If you’re like most owners of small businesses, you may feel pretty well protected against phishing attacks—the fraudulent emails hackers send in order to trick you or your employees into divulging sensitive business information. You probably think twice, for example, before clicking on unfamiliar links or attachments, which can serve as entryways for system-crippling ransomware.
The problem: Just as the general public has grown savvier about the phishing game, so have hackers. “The bad guys are getting smarter,” says Mark Cline, vice president, sales at Netsurion network security specialists. Phishing scams still play on the basic human drives of fear and urgency (e.g., “Your account has been disabled”), but they’ve added layers of sophistication. Here are some of the latest tactics phishers are using, and how to protect against them:
- They’re priming recipients in advance of a scam. Phishers may send a preliminary email to verify that so-and-so is still with the company. Or they’re calling the receptionist to double-check titles and name spellings of company executives. “Now they have a tidbit of information that makes the spam email they ultimately send seem that much more credible,” Cline says. “It’s a kind of social engineering.”Precaution: Don’t give out company information, such as an org chart, unless you know who is asking, and why.
- They’re displaying photos of trusted contacts. “Email spoofing”—in which an email header and signature are forged to make a message look legit—is, by this point, child’s play for phishers. Even worse, the spoofed email may now display the “sender’s” photo, cautions Anne P. Mitchell, Esq., CEO of SuretyMail email reputation certification service. “That’s because mail programs automatically grab these photos when you merge contact lists,” she explains.Precautions: Disable the “profile picture display” feature in your email program. And always double-check the “reply to” address—it will generally have one small spelling alteration from the legitimate one. Know that even what appears to be an email from the CEO may be spoofed, especially if it’s asking you to take quick action on a financial matter, like a funds transfer.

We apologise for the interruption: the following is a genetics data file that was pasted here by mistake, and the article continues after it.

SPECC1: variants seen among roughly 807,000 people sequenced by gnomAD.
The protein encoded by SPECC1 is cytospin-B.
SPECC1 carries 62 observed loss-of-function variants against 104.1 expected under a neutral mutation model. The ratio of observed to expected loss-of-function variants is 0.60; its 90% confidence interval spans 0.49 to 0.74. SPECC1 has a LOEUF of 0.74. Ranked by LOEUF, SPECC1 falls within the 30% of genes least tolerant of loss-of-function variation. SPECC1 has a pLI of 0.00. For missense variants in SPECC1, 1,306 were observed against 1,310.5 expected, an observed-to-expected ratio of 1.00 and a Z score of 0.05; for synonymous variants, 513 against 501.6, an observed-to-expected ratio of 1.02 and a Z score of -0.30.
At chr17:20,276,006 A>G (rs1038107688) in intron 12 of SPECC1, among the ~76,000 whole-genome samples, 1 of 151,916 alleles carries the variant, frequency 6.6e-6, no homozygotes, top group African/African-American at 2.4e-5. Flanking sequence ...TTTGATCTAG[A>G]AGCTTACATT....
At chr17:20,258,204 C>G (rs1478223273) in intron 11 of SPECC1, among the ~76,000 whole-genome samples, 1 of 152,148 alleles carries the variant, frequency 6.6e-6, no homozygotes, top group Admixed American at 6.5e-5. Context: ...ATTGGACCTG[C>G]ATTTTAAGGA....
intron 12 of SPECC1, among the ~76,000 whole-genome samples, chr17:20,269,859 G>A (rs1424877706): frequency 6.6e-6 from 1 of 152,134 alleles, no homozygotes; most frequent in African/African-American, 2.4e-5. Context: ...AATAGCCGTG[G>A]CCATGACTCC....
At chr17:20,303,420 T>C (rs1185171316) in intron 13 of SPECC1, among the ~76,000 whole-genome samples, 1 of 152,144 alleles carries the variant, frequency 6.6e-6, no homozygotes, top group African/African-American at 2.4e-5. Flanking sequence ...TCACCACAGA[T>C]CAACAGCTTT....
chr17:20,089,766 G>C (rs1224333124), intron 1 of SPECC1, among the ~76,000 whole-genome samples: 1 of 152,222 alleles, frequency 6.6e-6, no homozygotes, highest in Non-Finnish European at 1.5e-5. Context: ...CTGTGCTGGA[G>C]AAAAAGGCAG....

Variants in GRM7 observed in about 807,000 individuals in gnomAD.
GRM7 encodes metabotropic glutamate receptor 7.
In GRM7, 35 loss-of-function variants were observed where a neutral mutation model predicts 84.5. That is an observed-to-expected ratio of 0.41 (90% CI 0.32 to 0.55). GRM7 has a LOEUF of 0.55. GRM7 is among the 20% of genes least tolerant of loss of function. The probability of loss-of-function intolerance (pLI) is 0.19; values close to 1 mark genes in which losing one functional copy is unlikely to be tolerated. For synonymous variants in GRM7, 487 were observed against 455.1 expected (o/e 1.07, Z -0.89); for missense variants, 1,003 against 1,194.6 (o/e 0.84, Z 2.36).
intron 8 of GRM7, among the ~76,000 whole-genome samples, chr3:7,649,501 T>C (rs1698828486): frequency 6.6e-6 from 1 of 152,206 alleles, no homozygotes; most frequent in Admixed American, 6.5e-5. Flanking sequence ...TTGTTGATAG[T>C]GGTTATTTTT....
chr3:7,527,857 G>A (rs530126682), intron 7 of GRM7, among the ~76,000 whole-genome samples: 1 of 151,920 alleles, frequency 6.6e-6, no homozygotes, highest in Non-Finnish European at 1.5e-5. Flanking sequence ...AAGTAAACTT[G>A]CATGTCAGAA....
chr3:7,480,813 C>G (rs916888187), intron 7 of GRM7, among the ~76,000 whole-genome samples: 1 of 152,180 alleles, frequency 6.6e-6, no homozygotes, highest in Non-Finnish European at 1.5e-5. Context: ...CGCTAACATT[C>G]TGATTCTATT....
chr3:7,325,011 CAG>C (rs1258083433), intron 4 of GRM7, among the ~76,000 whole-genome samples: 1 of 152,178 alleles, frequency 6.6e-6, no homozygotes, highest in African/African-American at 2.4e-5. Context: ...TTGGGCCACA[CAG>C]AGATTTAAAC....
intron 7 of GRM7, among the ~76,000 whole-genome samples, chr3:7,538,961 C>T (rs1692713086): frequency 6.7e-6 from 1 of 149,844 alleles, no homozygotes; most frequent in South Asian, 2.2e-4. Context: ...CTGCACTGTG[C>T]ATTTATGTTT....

- They’re getting better at impersonating big organizations. Scammers know that small businesses routinely deal with big companies like Amazon, PayPal, DHL, Apple, major banks and more. They’ve moved beyond obvious misspellings in a domain name, and now impersonate them by swapping out one or more letters in a non-Latin alphabet (for example, using the Greek “chi” symbol in place of a Latin “X”). Most major browsers will flag alphabet combos in URLs, but they can’t always catch them.Precaution: “Even if the email from a big company looks secure, don’t click on a link within the email,” says Fatih Orhan, vice president, Threat Labs at Comodo Security Solutions. “Instead, go into your bookmarks, log in to the company from there, and check any information directly in your account.”
- They’ve hijacked the green lock icon. When an email directs you to a website, you might seek reassurance by looking for this icon—which indicates that the site has an SSL (Secure Sockets Layer) certificate—at the beginning of a browser bar. Nope. In the past few years, these have become cheaper and easier to get, and it turns out that non-legitimate sites like to have them, too. “Since the end of 2017, we are seeing a huge increase in phishing websites using SSL certificates,” Orhan says.Precaution: Eternal vigilance. Comodo has created an eye-opening website, PhishBank, with screenshots of recently confirmed phishing URLs.
Overall safety measures include keeping employees (including remote workers) up to date on the latest phishing scams. Experts also urge business owners to be prompt in installing security updates and to back up data regularly. To have all those cybersafety matters and more attended to, consider a managed security suite such as that offered by Spectrum Business.
“The important thing is to start somewhere,” says Cline. “If you think you’re ‘too small’ to be a target, remember—that kind of thinking makes your business the perfect target.”
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